Consider open-label treatment phase study limitations when interpreting results. The OLTP was not blinded, not controlled, and included inherent self-selection bias. Overall, 22.8% (n = 139) patients discontinued Aimovig® during the study, of which 2.6% (n = 16) patients discontinued due to AEs.2
Aimovig® was evaluated for prevention of chronic migraine in patients with ≥15 headache days per month, including ≥8 migraine days per month, in a phase 2, randomized, multicenter, 12-week, placebo-controlled, double-blind study.1
*Versus placebo in the DBTP; vs baseline in OLTP.1,2
†Least-square means are presented. Statistically significant reductions in monthly migraine days at month 3 for Aimovig® 70 mg and 140 mg vs placebo (P<0.001). For both Aimovig® 70 mg and Aimovig® 140 mg, the difference from placebo was -2.5% (95% CI: -3.5, -1.4).1,3
Analysis is exploratory and has not been adjusted for multiple comparisons. No conclusions of statistical or clinical significance can be drawn.
Preventive medications had failed due to lack of efficacy or intolerance by self-report.1
Contraindication: Aimovig® is contraindicated in patients with serious hypersensitivity to erenumab-aooe or to any of the excipients. Reactions have included anaphylaxis and angioedema.
Hypersensitivity Reactions: Hypersensitivity reactions, including rash, angioedema, and anaphylaxis, have been reported with Aimovig® in post marketing experience. Most reactions were not serious and occurred within hours of administration, although some occurred more than one week after administration. If a serious or severe reaction occurs, discontinue Aimovig® and initiate appropriate therapy.
Constipation with Serious Complications: Constipation with serious complications has been reported following the use of Aimovig® in the postmarketing setting. There were cases that required hospitalization, including cases where surgery was necessary. The onset of constipation was reported after the first dose in a majority of these cases, but patients also reported later on in treatment. Aimovig® was discontinued in most reported cases. Constipation was one of the most common (up to 3%) adverse reactions reported in clinical studies.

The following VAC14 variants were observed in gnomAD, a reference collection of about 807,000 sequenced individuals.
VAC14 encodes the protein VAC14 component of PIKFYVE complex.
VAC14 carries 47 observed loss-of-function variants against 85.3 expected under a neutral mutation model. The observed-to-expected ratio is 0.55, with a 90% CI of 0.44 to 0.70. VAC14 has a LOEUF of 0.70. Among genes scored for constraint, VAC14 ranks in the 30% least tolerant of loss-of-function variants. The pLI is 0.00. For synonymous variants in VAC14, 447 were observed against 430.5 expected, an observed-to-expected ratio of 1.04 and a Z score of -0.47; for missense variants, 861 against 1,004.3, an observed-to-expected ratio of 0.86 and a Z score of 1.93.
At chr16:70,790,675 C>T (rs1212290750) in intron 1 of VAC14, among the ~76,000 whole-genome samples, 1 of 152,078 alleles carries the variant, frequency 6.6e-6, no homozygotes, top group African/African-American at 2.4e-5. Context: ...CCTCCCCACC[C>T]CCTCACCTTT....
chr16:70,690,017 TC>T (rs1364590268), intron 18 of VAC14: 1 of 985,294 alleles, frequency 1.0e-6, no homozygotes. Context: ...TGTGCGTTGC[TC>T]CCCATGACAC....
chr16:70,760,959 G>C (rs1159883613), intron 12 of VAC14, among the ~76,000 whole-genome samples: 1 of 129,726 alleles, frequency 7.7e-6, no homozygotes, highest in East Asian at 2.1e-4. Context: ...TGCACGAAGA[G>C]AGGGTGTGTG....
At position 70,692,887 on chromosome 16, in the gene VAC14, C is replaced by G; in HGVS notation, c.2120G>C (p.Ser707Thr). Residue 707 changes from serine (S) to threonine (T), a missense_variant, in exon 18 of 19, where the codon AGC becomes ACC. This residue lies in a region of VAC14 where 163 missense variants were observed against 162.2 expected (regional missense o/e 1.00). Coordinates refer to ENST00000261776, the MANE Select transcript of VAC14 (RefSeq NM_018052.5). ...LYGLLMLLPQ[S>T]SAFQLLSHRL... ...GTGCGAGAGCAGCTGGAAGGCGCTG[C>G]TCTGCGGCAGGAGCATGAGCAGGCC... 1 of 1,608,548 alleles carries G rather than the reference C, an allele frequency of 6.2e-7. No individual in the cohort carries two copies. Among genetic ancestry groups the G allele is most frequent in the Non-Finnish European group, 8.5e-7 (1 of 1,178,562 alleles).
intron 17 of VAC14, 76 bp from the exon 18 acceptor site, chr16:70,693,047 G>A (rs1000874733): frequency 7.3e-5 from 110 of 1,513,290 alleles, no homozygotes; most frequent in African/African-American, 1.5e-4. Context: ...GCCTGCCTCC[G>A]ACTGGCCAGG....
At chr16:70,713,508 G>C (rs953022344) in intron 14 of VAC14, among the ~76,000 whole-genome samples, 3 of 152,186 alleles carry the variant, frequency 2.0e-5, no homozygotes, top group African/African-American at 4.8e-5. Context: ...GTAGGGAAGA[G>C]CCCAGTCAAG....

Monitor patients treated with Aimovig® for severe constipation and manage as clinically appropriate. Concurrent use of medications associated with decreased gastrointestinal motility may increase the risk for more severe constipation and the potential for constipation-related complications.
Hypertension: Development of hypertension and worsening of pre-existing hypertension have been reported following the use of Aimovig® in the postmarketing setting. Many of the patients had pre-existing hypertension or risk factors for hypertension. There were cases requiring pharmacological treatment and, in some cases, hospitalization. Hypertension may occur at any time during treatment but was most frequently reported within seven days of dose administration. In the majority of the cases, the onset or worsening of hypertension was reported after the first dose. Aimovig® was discontinued in many of the reported cases.
Monitor patients treated with Aimovig® for new-onset hypertension, or worsening of pre-existing hypertension, and consider whether discontinuation of Aimovig® is warranted if evaluation fails to establish an alternative etiology.
Adverse Reactions: The most common adverse reactions in clinical studies (≥ 3% of Aimovig®-treated patients and more often than placebo) were injection site reactions and constipation.
Please see Aimovig® full Prescribing Information.
References: 1. Aimovig® (erenumab-aooe) Prescribing Information. Thousand Oaks, CA: Amgen Inc; 2021. 2. Tepper SJ, Ashina M, Reuter U, et al. Long-term safety and efficacy of erenumab in patients with chronic migraine: Results from a 52-week, open-label extension study. Cephalalgia. 2020;40(6):543-553. 3. Tepper S, Ashina M, Reuter U, et al. Safety and efficacy of erenumab for preventive treatment of chronic migraine: a randomised, double-blind, placebo-controlled phase 2 trial. Lancet Neurol. 2017;16(6):425-434.
Reference: 1. Ashina M, Tepper SJ, Brandes JL, et al. Efficacy and safety of erenumab (AMG 334) in chronic migraine patients with prior preventive treatment failure: a subgroup analysis of a randomized, double-blind, placebo-controlled study. Cephalalgia. 2018;38(10):1611-1621.